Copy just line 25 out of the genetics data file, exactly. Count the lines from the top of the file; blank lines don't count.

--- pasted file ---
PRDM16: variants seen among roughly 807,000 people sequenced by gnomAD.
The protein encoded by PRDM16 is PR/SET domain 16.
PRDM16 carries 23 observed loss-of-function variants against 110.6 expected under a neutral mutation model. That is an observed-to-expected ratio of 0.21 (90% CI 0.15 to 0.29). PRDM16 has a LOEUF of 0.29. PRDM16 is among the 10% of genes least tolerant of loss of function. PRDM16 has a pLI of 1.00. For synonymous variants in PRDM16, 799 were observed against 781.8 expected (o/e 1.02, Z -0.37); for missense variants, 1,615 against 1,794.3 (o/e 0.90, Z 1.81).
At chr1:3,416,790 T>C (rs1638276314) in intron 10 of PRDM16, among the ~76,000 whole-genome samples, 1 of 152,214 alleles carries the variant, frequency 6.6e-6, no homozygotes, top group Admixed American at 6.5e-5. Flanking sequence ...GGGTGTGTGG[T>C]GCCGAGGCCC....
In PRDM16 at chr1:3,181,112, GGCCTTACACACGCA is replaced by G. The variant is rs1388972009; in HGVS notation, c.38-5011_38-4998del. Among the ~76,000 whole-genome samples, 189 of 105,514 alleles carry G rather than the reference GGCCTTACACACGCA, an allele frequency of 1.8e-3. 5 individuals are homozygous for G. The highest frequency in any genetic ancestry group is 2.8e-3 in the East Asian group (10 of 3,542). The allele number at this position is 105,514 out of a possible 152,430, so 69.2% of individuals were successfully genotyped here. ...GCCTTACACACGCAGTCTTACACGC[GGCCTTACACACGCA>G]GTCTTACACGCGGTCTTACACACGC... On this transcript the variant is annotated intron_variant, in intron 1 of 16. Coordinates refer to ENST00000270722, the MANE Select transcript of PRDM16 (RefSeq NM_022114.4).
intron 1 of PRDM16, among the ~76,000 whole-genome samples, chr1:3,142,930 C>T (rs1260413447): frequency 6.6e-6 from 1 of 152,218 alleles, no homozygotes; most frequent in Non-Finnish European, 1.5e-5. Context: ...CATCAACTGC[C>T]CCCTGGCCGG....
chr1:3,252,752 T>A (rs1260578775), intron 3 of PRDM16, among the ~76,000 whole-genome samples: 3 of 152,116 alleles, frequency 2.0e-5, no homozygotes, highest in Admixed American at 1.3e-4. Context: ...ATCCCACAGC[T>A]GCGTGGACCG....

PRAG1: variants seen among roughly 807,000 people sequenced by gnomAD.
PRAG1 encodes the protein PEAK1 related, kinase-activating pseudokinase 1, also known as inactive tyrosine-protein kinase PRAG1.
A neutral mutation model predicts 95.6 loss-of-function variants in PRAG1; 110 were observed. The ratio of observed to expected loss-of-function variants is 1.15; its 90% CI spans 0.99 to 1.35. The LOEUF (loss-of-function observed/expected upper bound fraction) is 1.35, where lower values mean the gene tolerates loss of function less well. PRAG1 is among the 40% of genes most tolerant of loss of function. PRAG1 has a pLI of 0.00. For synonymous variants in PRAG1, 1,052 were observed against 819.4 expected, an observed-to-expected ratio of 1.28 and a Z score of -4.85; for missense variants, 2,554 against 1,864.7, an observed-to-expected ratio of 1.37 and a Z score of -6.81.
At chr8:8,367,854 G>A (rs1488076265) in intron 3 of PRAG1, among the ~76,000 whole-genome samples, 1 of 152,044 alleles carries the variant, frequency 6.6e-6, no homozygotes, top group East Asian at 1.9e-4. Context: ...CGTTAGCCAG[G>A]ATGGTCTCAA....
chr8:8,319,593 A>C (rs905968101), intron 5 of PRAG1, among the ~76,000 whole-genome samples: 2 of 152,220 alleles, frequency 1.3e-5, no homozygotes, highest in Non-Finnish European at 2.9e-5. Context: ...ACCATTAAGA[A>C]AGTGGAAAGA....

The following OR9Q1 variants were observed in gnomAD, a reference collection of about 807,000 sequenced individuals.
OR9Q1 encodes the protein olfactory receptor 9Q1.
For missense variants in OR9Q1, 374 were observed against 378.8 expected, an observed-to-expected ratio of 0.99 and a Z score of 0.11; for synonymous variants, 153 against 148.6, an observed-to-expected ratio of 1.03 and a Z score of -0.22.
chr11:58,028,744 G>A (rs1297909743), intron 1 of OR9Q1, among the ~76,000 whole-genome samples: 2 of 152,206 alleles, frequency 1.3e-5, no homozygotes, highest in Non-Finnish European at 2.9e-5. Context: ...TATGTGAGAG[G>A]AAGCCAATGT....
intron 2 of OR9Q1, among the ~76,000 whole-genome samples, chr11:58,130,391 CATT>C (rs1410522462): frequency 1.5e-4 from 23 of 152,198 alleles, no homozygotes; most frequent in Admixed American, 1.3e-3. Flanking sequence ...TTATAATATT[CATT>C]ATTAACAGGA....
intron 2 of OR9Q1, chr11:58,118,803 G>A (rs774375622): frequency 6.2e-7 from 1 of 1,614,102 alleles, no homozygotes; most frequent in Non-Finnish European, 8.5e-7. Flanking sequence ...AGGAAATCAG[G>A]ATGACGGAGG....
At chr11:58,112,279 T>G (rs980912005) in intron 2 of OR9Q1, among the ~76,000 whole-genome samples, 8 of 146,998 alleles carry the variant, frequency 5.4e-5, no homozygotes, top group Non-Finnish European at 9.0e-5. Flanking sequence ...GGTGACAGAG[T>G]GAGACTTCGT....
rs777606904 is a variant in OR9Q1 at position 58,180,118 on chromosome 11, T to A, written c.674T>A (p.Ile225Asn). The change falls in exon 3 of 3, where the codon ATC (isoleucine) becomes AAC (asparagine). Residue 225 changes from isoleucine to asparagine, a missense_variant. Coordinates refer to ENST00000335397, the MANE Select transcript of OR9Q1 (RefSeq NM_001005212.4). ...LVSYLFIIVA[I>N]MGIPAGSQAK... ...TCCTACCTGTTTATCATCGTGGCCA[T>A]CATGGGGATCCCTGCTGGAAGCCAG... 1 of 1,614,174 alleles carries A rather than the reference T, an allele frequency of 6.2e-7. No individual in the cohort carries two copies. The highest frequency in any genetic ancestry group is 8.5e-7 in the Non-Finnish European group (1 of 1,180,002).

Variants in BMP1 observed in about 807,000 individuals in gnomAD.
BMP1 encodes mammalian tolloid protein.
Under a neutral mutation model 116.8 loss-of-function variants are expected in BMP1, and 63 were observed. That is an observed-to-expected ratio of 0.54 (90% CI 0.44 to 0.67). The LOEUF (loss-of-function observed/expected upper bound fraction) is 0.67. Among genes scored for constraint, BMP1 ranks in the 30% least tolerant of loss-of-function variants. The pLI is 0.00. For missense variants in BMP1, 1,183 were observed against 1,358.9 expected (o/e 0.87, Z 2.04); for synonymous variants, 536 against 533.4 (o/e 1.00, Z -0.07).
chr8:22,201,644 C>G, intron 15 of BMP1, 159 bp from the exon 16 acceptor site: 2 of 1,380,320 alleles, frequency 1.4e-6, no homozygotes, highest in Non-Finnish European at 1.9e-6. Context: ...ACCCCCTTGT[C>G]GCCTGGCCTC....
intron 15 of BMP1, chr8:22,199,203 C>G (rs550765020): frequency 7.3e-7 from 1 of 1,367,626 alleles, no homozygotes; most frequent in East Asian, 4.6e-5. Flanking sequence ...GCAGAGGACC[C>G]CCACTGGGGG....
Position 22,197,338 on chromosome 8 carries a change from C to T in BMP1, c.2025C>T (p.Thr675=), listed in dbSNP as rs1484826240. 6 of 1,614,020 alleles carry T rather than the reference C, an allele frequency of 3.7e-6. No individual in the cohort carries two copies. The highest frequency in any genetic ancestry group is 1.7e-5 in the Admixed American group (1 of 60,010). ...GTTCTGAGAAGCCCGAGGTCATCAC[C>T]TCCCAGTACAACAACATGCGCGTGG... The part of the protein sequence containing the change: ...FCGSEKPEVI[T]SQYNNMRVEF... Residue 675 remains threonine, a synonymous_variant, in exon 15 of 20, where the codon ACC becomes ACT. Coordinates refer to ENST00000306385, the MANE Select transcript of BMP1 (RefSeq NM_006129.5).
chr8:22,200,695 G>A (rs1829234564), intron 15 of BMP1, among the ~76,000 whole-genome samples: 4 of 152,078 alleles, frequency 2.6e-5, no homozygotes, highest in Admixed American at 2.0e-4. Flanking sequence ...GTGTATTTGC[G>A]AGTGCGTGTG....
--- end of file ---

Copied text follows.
intron 15 of BMP1, chr8:22,199,203 C>G (rs550765020): frequency 7.3e-7 from 1 of 1,367,626 alleles, no homozygotes; most frequent in East Asian, 4.6e-5. Flanking sequence ...GCAGAGGACC[C>G]CCACTGGGGG....